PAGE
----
Furthermore, it is essential to determine the location of data. It can be categorized as critical, secure, or open. For an effective DLP strategy, each piece of data should be stored based on its level of confidentiality. Less sensitive information may be freely accessible to employees or even third parties, while strictly confidential information should require permissions for sharing.


While data protection is a concern for all businesses, the associated risk varies from one company to another and even from one piece of data to another.

For instance, the disclosure of customer data directly implicates a company’s responsibility. On the other hand, if a company’s strategy is disclosed, the harm primarily concerns competition.

In the same vein, the risk also differs depending on the location of the data. In general, when data is within the network, the threat is lower. However, when it leaves the network, the level of criticality increases. Therefore, DLP (Data Loss Prevention) must be able to monitor all data flows, both inside and outside the organization (e.g., with clients, partners, or suppliers).

To achieve this, IT security managers must understand user behaviors for each data movement and, most importantly, identify those that pose the highest risks.

Lastly, the risk can also be associated with the channel used to share data, such as email or removable storage devices. The DLP software must adapt its strategy based on the specific threat in use.


While the IT security manager is responsible for implementing the DLP strategy, its effectiveness relies on the entire workforce. It is essential to collaborate with various departments to mitigate the risk of sensitive data leakage.

On one hand, the IT security manager must understand the habits and needs of employees to tailor the data loss prevention strategy accordingly.

On the other hand, they must educate employees on the behaviors to adopt to protect data. Many employees may not be aware that specific actions can have adverse consequences for the entire organization. Therefore, it is necessary to provide training on both the risks and the best practices to develop.


After identifying critical data and risks, it is crucial to conduct regular controls. This helps reduce risks and continually adopt best practices.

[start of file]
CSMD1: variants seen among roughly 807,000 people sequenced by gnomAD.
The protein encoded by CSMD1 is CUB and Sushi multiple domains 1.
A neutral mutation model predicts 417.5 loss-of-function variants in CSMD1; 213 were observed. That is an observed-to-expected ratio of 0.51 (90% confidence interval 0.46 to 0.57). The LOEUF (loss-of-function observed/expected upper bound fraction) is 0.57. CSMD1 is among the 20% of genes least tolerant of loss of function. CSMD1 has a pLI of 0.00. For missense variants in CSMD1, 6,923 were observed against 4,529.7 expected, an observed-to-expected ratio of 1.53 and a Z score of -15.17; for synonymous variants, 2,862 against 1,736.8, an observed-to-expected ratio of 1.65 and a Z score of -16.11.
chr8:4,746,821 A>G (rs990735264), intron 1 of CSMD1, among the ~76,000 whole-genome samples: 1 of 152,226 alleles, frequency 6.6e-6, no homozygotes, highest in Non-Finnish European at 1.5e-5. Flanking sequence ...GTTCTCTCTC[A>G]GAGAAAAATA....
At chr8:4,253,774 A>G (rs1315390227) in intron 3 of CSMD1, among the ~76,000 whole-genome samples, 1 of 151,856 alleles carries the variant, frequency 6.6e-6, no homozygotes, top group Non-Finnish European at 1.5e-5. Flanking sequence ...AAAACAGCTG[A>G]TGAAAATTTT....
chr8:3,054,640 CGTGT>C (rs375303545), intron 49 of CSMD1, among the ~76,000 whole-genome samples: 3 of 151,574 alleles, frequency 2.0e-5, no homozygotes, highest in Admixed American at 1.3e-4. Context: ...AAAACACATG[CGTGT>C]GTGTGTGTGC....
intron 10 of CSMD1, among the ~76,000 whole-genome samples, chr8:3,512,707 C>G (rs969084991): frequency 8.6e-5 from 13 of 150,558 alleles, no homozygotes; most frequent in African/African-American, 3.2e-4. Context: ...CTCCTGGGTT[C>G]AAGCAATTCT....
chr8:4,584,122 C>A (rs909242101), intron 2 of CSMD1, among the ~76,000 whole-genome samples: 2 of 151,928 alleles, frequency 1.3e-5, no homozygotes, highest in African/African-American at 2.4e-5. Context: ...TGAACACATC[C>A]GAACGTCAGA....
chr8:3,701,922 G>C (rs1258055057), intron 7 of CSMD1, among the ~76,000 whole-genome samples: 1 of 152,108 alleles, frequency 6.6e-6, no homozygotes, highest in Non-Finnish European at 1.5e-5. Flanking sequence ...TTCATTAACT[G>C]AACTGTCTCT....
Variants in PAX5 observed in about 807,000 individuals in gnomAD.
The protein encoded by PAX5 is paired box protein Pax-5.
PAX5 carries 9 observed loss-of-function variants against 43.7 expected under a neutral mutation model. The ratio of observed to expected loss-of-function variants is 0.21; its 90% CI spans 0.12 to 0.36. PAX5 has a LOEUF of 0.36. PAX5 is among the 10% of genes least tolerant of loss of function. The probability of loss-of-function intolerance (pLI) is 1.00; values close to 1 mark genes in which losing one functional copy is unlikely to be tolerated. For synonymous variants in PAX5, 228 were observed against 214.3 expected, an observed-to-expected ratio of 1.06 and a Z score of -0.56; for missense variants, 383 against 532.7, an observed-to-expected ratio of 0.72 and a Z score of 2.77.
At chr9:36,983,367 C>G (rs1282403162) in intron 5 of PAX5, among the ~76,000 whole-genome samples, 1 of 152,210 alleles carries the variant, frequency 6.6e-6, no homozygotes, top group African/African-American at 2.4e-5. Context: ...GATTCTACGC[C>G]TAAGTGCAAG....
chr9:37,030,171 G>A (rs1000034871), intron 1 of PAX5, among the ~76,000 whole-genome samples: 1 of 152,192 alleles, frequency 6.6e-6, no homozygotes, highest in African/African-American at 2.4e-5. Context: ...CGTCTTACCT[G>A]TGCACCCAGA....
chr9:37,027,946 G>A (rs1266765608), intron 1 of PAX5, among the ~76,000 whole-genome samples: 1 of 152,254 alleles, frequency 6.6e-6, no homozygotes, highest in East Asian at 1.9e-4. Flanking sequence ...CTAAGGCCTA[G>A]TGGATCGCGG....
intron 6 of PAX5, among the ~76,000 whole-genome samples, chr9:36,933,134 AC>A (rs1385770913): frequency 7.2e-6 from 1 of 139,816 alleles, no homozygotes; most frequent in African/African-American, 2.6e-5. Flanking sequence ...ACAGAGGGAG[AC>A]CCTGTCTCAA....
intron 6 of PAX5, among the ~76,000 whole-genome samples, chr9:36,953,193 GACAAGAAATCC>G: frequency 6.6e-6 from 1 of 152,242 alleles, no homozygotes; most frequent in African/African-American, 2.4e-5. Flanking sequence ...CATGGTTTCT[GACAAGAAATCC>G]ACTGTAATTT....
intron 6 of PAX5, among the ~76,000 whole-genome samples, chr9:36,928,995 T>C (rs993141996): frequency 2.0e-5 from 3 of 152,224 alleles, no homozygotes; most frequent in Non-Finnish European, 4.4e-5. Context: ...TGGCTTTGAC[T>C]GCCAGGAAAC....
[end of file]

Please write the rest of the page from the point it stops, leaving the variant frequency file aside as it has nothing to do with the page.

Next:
These controls involve monitoring access and permissions in place. Depending on each employee’s status, permissions may be required to share data.

Here are some concrete actions to strengthen DLP:

  1. Blocking USB Ports: Restrict or block the use of USB ports to prevent data from being easily copied to external devices.

  2. Preventing Sending Attachments to Public Email Addresses: Implement measures to prevent employees from sending attachments to public email addresses, enhancing email security.

  3. Encrypting Manager’s Hard Drives: Encrypt the hard drives of managers or individuals with access to sensitive data to protect data at rest.

  4. Monitoring User Requests: Continuously monitor and control user requests related to data access and sharing.

The specific actions to implement depend on the company’s DLP strategy and the criticality of its information.


Companies have a strong interest in repeating this process continuously. This iterative approach allows for the refinement of the DLP strategy, maximizing security and data protection. Moreover, it is crucial to repeat the process as new data emerges within the organization. This ensures that the DLP strategy remains up-to-date and effective in safeguarding data.


DataScientest News

Sign up for our Newsletter to receive our guides, tutorials, events, and the latest news directly in your inbox.

You are not available?

Leave us your e-mail, so that we can send you your new articles when they are published!
icon newsletter


Get monthly insider insights from experts directly in your mailbox